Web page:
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November 20, 2017

TALLAHASSEE, FL – The American Civil Liberties Union (ACLU) of Florida has submitted written testimony to the Florida Constitution Revision Commission urging the commission to reject proposed amendments to the Florida Constitution which are being considered by the commission.

One proposed amendment being considered by the commission, Proposal 22, would limit the Florida constitution’s explicit right to privacy in a way that would, among other thing, undermine Floridians’ right to make decisions about reproductive health free from government intrusion.

Another set of proposals, Proposals 4 and 59, would amend or remove the Florida Constitution’s historic “no-aid” provision, which has long served as a bulwark against government entanglement with individual religious belief and expression.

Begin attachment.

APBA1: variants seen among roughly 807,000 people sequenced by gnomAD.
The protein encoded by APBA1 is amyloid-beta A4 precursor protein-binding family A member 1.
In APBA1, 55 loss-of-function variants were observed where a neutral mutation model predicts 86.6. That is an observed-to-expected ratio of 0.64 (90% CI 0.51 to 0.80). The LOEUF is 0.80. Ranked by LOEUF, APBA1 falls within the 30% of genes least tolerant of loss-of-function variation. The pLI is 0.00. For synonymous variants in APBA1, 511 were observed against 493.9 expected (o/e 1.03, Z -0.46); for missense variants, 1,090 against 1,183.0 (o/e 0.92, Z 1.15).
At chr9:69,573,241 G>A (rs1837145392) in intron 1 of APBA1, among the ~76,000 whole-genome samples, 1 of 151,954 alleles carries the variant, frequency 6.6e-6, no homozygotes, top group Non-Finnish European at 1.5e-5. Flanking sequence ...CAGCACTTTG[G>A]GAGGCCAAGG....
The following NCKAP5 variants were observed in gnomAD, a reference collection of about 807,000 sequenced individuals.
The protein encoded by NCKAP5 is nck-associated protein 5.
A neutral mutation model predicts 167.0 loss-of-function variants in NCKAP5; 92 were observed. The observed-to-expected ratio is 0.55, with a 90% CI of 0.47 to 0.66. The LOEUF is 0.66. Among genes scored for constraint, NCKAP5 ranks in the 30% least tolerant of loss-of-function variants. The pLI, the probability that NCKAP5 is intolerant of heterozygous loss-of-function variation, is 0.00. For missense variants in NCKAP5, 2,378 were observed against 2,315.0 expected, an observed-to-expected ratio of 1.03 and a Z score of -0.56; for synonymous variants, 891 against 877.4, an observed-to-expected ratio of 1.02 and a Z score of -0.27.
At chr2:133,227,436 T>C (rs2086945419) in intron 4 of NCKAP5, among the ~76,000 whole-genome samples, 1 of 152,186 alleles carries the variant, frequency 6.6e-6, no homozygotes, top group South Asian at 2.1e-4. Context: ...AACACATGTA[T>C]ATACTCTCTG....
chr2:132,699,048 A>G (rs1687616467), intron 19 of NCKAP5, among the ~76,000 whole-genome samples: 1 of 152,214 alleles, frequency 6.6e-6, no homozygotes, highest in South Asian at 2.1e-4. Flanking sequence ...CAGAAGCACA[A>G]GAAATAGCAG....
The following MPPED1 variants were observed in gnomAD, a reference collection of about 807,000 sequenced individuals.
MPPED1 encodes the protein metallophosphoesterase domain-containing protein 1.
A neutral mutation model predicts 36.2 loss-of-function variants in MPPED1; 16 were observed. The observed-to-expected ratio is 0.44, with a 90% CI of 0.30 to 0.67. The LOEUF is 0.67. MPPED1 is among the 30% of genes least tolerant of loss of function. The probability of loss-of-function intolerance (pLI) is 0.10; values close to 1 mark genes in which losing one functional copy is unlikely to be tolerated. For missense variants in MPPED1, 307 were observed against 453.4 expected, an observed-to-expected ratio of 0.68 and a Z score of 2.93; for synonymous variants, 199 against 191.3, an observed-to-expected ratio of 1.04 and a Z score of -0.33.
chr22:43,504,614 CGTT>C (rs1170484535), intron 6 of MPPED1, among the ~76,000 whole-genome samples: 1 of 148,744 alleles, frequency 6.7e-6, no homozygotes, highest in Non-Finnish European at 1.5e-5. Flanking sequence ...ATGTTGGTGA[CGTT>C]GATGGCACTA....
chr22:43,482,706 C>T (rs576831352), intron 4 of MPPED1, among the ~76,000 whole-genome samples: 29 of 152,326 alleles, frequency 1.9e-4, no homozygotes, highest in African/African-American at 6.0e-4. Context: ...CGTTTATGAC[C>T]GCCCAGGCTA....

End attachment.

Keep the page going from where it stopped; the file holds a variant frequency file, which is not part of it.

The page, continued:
From the testimony submitted by the ACLU of Florida on the privacy provision:

“This proposal is not about safeguarding informational privacy, which is already protected under the Florida Constitution. It is about stripping away all existing privacy protections other than informational privacy. The way this proposal is written is misleading to the public. We urge the Commission to be honest with the public about the practical effect and implications of this proposal—which is to limit, not enhance, the Florida Constitution’s existing protections against government overreach.”

The written testimony is available online here:

From the testimony submitted by the ACLU of Florida opposing the repeal of the no-aid provision:

“Florida courts have interpreted and applied the Florida Constitution’s No Aid provision as prohibiting the state from using its funds to advance religion, but there is no prohibition on the use of state funds for the delivery of non-religious social services by religiously-affiliated entities.

“In sum … there is no reason to repeal the provision nor any mandate to amend it. The provision has been maintained in the Florida Constitution in nearly identical form since the 1885 Florida Constitution, and it does not preclude contracting with religiously-affiliated entities for secular social service purposes.“

This testimony is available online here: